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About the Photos

Our holdings include hundreds of glass and film negatives/transparencies that we've scanned ourselves; in addition, many other photos on this site were extracted from reference images (high-resolution tiffs) in the Library of Congress research archive. (To query the database click here.) They are adjusted, restored and reworked by your webmaster in accordance with his aesthetic sensibilities before being downsized and turned into the jpegs you see here. All of these images (including "derivative works") are protected by copyright laws of the United States and other jurisdictions and may not be sold, reproduced or otherwise used for commercial purposes without permission.

© 2019 SHORPY INC.

[REV 25-NOV-2014]

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Saturday in Florence: 1942

Saturday in Florence: 1942

June 1942. "Florence, Alabama, Saturday afternoon." View full size. Medium format negative by Arthur Rothstein for the Farm Security Administration.

To stay online without a paywall or a lot of pop-up ads, Shorpy needs your help. (Our server rental alone is $3,000 a year.) You can contribute by becoming a Patron, or by purchasing a print from the Shorpy Archive. Or both! Read more about our 2019 pledge drive here. Our last word on the subject is: Thanks!

Court & Mobile

This is the corner of Court and Mobile in downtown Florence. The camera seems to be perched in the old Rogers Department Store building. The modern Street View image is sadly not as interesting, though the City Cafe building and the building just to its left are both still standing today. I was born and raised in Florence. It's a great place to live, and downtown has fared a lot better than many cities its size.

Looking for something

I'm looking for an old pic of THIS area right here, only its older (I'd say late 1800's) it's b/w and shows horse troughs on the ground below where traffic lights now hang. Tennessee / Court street. Anyone know about it?

if so:

I wish

I wish it looked that good today! I live less than a mile from where this was taken. I would love to see that many people walking and socializing on the sidewalks again.

Florence, Alabama

This is my hometown and the hometown of my parents and grandparents. This picture had to have been taken from the old courthouse, which is long gone, but the buildings in the picture still exist!

Saturday afternoon, Florence, Alabama

A much simpler time, what a fantastic picture. It could be a Norman Rockwell painting.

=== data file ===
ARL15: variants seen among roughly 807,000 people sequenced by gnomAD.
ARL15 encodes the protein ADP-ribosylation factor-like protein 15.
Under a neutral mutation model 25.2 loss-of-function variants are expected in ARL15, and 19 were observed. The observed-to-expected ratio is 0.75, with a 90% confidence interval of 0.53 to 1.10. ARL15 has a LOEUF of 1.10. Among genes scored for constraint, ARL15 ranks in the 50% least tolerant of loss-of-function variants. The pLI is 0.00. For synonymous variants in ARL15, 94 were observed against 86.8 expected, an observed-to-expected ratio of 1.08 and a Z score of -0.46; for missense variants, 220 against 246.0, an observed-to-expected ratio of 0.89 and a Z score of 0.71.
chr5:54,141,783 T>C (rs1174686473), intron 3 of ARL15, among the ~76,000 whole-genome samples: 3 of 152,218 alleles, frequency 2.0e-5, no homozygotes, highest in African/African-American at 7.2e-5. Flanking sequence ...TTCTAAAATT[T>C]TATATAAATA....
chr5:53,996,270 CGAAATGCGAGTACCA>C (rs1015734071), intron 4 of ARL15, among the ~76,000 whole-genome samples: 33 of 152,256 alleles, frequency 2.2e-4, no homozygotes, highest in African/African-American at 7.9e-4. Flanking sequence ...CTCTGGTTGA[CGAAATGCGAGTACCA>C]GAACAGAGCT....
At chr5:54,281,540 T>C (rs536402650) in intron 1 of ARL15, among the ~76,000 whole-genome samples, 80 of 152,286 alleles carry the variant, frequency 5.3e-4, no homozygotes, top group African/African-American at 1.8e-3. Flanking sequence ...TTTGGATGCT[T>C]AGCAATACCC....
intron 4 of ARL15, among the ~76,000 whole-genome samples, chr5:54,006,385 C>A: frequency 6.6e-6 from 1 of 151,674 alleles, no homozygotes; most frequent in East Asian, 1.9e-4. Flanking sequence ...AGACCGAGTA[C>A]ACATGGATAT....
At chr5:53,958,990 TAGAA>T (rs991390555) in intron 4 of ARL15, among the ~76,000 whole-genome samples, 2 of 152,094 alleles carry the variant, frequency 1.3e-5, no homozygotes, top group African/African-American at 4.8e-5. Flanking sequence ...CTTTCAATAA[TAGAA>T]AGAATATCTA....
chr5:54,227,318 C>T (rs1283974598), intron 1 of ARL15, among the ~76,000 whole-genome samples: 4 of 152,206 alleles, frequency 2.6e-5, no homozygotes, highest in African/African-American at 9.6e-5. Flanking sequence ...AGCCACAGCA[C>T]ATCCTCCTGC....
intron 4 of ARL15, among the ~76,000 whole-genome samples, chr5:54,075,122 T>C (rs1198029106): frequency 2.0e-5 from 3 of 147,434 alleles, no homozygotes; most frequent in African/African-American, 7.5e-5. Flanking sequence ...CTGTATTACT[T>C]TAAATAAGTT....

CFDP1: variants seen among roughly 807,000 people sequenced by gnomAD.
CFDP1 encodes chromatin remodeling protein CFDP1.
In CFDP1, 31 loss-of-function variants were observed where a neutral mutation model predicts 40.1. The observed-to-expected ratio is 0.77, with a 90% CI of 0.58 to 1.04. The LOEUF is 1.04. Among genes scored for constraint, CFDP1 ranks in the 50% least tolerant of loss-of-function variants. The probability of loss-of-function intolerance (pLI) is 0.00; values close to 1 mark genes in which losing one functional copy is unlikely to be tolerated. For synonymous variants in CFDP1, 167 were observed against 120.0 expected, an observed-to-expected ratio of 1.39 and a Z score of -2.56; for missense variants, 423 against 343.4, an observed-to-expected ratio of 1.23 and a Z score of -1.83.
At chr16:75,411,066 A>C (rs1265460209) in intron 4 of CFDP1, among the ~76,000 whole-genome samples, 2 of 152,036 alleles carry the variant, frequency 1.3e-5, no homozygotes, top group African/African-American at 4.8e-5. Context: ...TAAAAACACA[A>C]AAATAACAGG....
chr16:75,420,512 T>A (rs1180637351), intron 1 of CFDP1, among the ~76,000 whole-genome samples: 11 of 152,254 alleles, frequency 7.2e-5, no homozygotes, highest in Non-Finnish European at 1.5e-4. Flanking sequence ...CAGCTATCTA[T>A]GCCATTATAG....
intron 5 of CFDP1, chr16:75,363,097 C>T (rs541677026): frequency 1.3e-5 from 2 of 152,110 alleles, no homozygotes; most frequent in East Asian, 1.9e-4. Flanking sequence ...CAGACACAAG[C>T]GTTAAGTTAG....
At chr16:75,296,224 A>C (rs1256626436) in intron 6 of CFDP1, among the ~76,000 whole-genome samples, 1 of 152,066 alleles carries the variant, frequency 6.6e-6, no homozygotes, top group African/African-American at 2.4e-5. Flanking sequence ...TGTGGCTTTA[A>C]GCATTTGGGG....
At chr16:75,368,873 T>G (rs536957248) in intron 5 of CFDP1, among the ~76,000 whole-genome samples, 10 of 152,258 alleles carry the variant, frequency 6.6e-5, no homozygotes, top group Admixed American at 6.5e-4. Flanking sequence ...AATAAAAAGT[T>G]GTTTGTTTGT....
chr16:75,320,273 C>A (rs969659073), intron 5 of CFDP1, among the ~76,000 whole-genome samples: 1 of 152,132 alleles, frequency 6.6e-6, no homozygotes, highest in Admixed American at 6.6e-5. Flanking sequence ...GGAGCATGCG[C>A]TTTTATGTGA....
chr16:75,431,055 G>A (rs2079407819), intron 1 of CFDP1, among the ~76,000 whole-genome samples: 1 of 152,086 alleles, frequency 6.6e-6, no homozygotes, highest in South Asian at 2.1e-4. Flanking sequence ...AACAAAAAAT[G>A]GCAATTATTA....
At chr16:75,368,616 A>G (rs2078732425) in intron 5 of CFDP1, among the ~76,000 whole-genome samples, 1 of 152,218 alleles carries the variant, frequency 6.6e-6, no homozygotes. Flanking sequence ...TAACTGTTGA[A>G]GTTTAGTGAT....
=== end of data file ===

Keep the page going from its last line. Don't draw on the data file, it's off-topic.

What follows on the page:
A Super picture

Even though WW II was raging, the picture show a gentle perhaps kinder time. People socializing, cars washed, traffic rules obeyed, clean streets, just great. Where did it all go?


Florence, Alabama

My grandmother gave me a cast iron skillet (that had been her mother’s) that was made in Florence. Some of her family had moved from that area in the 1850s, and I’ve always wondered if that skillet is that old or not. Whatever the case, I made some cornbread in it the other night, so it's still working fine, however old it is.

1942 Hudson

It seems to me that a 1942 Hudson would be a relatively rare beast. I realize that production and sales on the 1942s started in September 1941, but they'd still have a shortened production run once the government ordered a halt to new automotive production because of the war.

[Total Hudson production for the 1942 model year was 40,661 cars. - Dave]

Isn't this great?

Isn't this great? Women wore skirts, and you could drive a car called Hudson.

1945/ 46 Hudson

The Hudson in the center of the photo is a 1945 or 1946.

[Nope. It's a 1942 Hudson. - Dave]


Wonderful scan . . .Bravo!


Majestic Theater

From Movie Theater Information:

The Majestic opened Saturday, August 30, 1919, at 204 North Court Street next to the new First National Bank. It's not clear what was shown on opening day, but the primary advertisements announced a Paramount Artcraft Special -- a motion picture style show with living models called "That Well Dressed Look" for September 1 and 2. The theater seated 400. The last night of business seems to have been June 9, 1951.

Stop and Go

Traffic lights sure have become more elaborate since then. You would have trouble getting such a clear shot at a big intersection like that these days without a bunch of poles and signals getting in your way.

This pic is great!

I love all the detail. It makes me wonder where everybody in the pic is today? Wonder where they were going? Love the contrast!

SHORPY OLD PHOTO ARCHIVE | History in HD is a vintage photo archive featuring thousands of high-definition images from the 1850s to 1960s. (Available as fine-art prints from the Shorpy Archive.) The site is named after Shorpy Higginbotham, a teenage coal miner who lived 100 years ago.

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